“Dahlias are the star of the autumn arrangements,” Susan Snegosky says. “But cosmos are beautiful and abundant in September, and Queen Anne’s lace is wonderful, too.” Snegosky owns Fiddles and Fronds, an organic florist business that she operates from her Spring Park home. As summer fades, she continues to find flowers that inspire her. And her inspirations don’t necessarily stop with flowers.
“Basil is really wonderful in summer and fall arrangements,” she says. “The fragrance adds something special. I really like to use basil, and people comment on it a lot.”
Fiddles and Fronds has been in business for about two years. Snegosky grew up on a farm and worked in a flower shop when she was in college. When she was laid off from her office job, and after years of being asked by friends and family to do flowers for parties and events, she decided that she’d try her hand at creating a business from her passion for flowers.
From the beginning, she knew that it was important to her the flowers she used were organically grown and locally sourced. She has a cutting garden in her backyard where she gets some of her cuttings and, when she isn’t just walking out the back door to find her flowers, she also uses a few local growers. There’s a cooler in her basement where she can store purchased cut plants until she’s ready to use them.
“I feel so good about working with local suppliers that I know share my emphasis on organic growing,” she says. Snegosky supplements her backyard cutting garden with flowers from Twin Cities Flower Exchange, which is a flower market for wholesale buyers. The exchange sources from small, organic farms in the region. Her business has grown mostly by word of mouth, and some of her referrals even come from the farmers she buys from.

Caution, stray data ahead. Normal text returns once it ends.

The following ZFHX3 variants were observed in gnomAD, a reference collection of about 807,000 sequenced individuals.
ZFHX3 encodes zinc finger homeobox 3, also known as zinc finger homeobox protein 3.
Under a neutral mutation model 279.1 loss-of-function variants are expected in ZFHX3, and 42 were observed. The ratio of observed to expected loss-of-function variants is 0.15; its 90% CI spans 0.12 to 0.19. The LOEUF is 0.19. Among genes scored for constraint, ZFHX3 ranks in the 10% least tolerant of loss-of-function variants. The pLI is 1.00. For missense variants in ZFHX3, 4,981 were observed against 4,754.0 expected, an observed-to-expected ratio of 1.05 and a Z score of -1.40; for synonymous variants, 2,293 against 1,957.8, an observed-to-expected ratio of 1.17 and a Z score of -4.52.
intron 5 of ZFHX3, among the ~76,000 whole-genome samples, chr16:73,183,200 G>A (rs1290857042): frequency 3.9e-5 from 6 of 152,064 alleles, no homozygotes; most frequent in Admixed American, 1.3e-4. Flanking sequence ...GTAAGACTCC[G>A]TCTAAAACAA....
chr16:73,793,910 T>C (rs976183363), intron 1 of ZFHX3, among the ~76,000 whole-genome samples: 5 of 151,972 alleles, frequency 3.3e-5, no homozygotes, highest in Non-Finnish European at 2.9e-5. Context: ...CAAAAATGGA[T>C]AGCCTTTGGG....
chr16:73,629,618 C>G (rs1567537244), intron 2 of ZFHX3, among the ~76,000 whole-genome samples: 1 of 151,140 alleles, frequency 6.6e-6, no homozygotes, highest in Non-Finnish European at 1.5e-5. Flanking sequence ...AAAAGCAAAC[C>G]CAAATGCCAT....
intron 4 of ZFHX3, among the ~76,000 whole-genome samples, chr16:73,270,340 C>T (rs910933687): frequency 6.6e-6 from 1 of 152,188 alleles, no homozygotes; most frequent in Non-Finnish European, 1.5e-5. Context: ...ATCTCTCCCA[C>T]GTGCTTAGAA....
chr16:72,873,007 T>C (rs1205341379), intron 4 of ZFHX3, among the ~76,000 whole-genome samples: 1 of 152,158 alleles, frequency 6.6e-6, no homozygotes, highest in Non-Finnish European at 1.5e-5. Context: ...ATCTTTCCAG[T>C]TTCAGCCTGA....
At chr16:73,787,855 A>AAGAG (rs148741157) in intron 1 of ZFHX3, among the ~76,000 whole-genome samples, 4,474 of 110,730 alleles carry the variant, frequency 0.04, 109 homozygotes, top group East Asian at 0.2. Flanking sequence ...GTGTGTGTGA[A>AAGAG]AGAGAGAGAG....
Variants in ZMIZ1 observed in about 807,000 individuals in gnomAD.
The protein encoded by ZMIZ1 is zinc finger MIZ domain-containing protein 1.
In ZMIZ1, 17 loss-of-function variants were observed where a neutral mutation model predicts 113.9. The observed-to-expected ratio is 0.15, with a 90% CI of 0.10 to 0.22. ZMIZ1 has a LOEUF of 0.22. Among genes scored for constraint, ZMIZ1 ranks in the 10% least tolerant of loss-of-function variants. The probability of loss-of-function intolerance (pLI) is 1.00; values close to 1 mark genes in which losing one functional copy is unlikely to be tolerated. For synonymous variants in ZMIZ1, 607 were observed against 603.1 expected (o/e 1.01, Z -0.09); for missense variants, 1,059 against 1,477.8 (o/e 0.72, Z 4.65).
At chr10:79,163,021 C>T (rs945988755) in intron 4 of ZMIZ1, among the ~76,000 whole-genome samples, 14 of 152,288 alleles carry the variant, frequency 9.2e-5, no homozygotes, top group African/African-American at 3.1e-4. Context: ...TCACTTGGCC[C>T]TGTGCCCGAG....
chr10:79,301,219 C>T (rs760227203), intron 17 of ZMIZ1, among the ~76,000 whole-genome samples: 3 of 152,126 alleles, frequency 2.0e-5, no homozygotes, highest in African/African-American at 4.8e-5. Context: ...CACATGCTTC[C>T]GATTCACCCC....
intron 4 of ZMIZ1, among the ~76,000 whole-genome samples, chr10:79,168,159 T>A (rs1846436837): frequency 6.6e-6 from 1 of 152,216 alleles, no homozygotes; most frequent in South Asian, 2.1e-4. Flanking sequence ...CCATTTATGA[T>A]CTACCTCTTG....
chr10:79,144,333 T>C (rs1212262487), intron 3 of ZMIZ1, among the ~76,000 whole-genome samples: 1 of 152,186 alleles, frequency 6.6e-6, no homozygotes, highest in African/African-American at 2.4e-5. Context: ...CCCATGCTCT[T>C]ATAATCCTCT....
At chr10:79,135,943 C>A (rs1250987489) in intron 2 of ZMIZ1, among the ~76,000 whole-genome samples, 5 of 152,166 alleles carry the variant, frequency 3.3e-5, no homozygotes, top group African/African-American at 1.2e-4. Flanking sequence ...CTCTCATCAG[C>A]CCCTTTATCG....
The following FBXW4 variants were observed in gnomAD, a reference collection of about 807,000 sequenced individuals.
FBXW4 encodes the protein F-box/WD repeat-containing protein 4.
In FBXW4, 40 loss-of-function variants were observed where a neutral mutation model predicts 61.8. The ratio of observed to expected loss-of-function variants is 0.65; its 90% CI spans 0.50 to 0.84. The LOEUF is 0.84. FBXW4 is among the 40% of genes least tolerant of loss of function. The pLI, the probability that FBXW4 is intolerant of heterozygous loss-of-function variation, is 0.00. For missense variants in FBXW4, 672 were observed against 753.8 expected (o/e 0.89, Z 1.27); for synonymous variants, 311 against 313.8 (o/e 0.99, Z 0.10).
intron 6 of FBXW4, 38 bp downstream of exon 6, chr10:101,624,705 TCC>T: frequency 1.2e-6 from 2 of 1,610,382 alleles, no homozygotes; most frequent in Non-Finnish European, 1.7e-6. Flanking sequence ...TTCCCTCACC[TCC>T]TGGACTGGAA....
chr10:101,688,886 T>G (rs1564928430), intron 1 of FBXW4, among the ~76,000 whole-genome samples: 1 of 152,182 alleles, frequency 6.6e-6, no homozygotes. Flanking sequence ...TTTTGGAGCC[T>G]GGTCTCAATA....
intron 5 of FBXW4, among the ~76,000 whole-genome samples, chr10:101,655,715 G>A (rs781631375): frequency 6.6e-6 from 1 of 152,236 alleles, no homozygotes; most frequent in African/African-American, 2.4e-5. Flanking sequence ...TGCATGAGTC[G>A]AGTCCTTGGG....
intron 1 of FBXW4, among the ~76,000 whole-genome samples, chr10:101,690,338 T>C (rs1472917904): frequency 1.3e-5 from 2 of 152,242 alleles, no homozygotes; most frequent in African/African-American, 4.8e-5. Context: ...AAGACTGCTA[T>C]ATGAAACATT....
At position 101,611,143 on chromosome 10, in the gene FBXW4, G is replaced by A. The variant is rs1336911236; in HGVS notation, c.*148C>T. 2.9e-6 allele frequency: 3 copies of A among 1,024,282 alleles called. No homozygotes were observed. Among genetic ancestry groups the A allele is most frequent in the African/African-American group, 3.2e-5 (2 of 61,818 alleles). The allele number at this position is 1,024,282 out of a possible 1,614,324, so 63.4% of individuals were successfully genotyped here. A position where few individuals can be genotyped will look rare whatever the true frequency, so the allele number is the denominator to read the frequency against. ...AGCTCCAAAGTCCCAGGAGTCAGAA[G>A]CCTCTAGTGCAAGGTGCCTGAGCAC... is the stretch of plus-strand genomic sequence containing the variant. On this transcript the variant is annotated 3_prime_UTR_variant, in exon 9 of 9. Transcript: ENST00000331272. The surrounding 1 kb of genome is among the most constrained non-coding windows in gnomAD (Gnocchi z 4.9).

As fall begins to remind us that just around the corner winter is approaching, Snegosky says you don’t have to give up the idea of cut arrangements just because you can’t grow flowers without a greenhouse. Even in the deep winter, she still creates with plants.
“I did arrangements for a December wedding last year that were all evergreens and winter accents,” she says. “I used white pine and birch.” Elegant winter arrangements can brighten a room just as well as summer blooms.
Snegosky likes to use vintage containers in unexpected shapes to give extra interest to her work. She likes containers that have lasting value and bring something different to the look of the arrangements. “Using vintage pieces as containers for the arrangements and getting away from plastic is another way of being more sustainable and environmentally responsible in my business,” she says.
Fiddles and Fronds will be part of the Three Rivers Park District Wedding Fair, on September 29 at Hyland Hills Ski Area in Bloomington. Susan Snegosky will be available to talk about winter and spring weddings and show interested couples some of her creations.